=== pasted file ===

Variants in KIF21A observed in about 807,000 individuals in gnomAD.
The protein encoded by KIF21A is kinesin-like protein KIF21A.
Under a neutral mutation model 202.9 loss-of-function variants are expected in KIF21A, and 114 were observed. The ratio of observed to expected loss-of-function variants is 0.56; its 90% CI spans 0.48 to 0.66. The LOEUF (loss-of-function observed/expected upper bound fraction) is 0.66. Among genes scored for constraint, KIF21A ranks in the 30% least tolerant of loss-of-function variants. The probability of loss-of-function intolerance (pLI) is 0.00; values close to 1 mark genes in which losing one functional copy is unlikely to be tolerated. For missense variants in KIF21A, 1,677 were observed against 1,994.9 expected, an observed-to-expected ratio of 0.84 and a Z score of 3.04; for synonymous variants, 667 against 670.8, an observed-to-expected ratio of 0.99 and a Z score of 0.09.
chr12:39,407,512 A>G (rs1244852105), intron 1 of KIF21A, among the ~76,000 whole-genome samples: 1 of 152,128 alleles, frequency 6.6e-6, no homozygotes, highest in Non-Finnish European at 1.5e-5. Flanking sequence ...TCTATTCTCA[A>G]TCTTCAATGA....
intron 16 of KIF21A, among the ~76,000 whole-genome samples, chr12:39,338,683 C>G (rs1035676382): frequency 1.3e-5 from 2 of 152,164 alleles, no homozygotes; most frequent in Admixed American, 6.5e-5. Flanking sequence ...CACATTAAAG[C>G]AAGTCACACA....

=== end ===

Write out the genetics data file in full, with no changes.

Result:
Variants in KIF21A observed in about 807,000 individuals in gnomAD.
The protein encoded by KIF21A is kinesin-like protein KIF21A.
Under a neutral mutation model 202.9 loss-of-function variants are expected in KIF21A, and 114 were observed. The ratio of observed to expected loss-of-function variants is 0.56; its 90% CI spans 0.48 to 0.66. The LOEUF (loss-of-function observed/expected upper bound fraction) is 0.66. Among genes scored for constraint, KIF21A ranks in the 30% least tolerant of loss-of-function variants. The probability of loss-of-function intolerance (pLI) is 0.00; values close to 1 mark genes in which losing one functional copy is unlikely to be tolerated. For missense variants in KIF21A, 1,677 were observed against 1,994.9 expected, an observed-to-expected ratio of 0.84 and a Z score of 3.04; for synonymous variants, 667 against 670.8, an observed-to-expected ratio of 0.99 and a Z score of 0.09.
chr12:39,407,512 A>G (rs1244852105), intron 1 of KIF21A, among the ~76,000 whole-genome samples: 1 of 152,128 alleles, frequency 6.6e-6, no homozygotes, highest in Non-Finnish European at 1.5e-5. Flanking sequence ...TCTATTCTCA[A>G]TCTTCAATGA....
intron 16 of KIF21A, among the ~76,000 whole-genome samples, chr12:39,338,683 C>G (rs1035676382): frequency 1.3e-5 from 2 of 152,164 alleles, no homozygotes; most frequent in Admixed American, 6.5e-5. Flanking sequence ...CACATTAAAG[C>G]AAGTCACACA....